Voltage-gated ion channels are a diverse group of membrane proteins that play significant roles in a variety of physiological and pathological processes, from neuronal excitability and muscle contraction, to autoimmunity, stroke, and cancer. They all share a common structural module, the voltage-sensing domain (VSD), responsible for turning on and off an effector domain in response to changes in membrane potential. Previous studies from us and other groups have shown that, while most VSDs do not conduct ions, they can become leaky as a result of mutations. Mutated VSDs permeable to ions or protons are responsible for serious genetic disorders, such as hypokalemic periodic paralysis, and cardiac arrhythmias with dilated cardiomyopathy. The VSD of the voltage-gated channel Hv1, on the other hand, is inherently proton-conductive and this property is key to the channel's many physiological functions. The long-term goal of this study is to elucidate how VSDs conduct ions and protons, how their activity is regulated, and how they can be blocked pharmacologically for therapeutic purposes. Here, we will focus on the Hv1 channel, an emerging drug target for a variety of diseases, including cancer and stroke. The mechanism underlying VSD-mediated proton conduction in Hv1 is poorly understood and there is an unmet need for small-molecule inhibitors of Hv1 activity. We have previously discovered a class of compounds that act as Hv1 blockers and characterized their binding environment. We identified aromatic interactions within the core of the channel's VSD that could be harnessed to create better drugs to suppress Hv1 activity.
In aim 1, we propose to use electrophysiological measurements and unnatural amino acid substitutions to examine how these interactions contribute to Hv1 block and voltage-dependent activation. One of the main problems limiting our understanding of proton-selective permeation is the inadequate description of channel- proton interactions by simulation methods based on classic mechanics.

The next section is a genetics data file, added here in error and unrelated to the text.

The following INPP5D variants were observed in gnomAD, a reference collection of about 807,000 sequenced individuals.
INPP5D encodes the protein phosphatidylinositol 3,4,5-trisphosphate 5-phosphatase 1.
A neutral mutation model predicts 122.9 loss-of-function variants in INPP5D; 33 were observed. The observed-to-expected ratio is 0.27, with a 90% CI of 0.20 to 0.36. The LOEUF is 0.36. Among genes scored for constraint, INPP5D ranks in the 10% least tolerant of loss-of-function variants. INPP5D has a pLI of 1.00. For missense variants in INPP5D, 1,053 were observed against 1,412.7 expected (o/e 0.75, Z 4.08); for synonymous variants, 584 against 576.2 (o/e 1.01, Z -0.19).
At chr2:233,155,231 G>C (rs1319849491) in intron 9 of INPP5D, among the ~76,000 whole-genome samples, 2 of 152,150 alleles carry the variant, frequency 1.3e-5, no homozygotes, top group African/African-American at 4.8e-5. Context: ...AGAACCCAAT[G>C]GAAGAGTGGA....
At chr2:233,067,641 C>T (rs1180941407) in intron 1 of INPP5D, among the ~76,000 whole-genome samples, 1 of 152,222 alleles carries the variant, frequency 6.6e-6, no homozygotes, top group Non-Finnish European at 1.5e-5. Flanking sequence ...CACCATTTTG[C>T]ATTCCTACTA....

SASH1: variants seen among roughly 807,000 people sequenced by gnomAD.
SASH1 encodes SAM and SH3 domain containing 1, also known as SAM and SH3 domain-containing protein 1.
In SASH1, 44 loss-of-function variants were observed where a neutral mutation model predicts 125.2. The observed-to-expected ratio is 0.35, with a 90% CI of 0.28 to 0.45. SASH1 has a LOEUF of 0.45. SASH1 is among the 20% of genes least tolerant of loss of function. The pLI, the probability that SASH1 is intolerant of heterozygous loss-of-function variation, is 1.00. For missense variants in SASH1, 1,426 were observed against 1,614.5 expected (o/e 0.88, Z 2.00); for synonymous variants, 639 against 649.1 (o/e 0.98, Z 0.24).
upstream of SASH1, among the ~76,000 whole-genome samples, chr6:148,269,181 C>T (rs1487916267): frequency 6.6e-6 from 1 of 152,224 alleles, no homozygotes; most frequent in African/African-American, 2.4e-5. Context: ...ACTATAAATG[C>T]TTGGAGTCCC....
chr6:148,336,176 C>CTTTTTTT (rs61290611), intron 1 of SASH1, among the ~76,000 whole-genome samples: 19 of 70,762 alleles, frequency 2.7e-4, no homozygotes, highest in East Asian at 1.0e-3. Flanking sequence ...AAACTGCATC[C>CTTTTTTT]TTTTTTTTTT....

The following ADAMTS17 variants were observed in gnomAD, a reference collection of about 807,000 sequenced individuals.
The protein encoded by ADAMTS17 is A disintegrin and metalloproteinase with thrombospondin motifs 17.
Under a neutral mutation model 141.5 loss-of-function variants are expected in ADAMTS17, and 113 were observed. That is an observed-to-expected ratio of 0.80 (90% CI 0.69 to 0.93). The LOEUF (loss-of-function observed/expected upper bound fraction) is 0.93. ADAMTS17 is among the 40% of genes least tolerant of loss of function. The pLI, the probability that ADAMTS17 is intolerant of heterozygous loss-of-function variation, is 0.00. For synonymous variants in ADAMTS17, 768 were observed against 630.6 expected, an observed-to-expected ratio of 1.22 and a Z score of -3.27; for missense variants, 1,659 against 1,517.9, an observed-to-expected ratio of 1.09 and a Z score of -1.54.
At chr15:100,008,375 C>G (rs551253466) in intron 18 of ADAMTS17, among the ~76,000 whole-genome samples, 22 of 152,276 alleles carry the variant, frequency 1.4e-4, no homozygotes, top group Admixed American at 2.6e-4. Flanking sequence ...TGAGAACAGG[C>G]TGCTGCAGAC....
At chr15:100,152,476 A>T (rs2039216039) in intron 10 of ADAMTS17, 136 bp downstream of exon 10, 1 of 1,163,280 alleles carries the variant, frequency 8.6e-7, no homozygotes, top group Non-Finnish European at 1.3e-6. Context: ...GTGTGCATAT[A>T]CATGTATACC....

In aim 2, we will use quantum mechanics/molecular mechanics simulations on a validated Hv1 structural model in combination with the rational design of a proton-conducting VSD to obtain detailed information on how protons move within the Hv1 permeation pathway. Hv1 function is known to be tightly regulated in the cell. But, little is known about how this regulation is achieved. We have recently identified a new modality of channel regulation mediated by mechanical stress, which can provide an explanation for the hyperactivity of Hv1 previously described in microglia under conditions of ischemic stroke.
In aim 3, we will use electrophysiology, high-speed pressure clamp stimulation, and targeted mutagenesis to determine the mechanism of Hv1 mechanosensitivity.
Excessive activity of the human protein Hv1 has been found to increase the metastatic potential of cancer cells and to worsen brain damage in a model of ischemic stroke. The main goal of this research project is to determine how the Hv1 protein works at the molecular level, how it is regulated, and how its activity can be inhibited pharmacologically. Successful completion of this study will pave the way to the development of new anticancer therapeutics as well as to new neuroprotective drugs for stroke patients.
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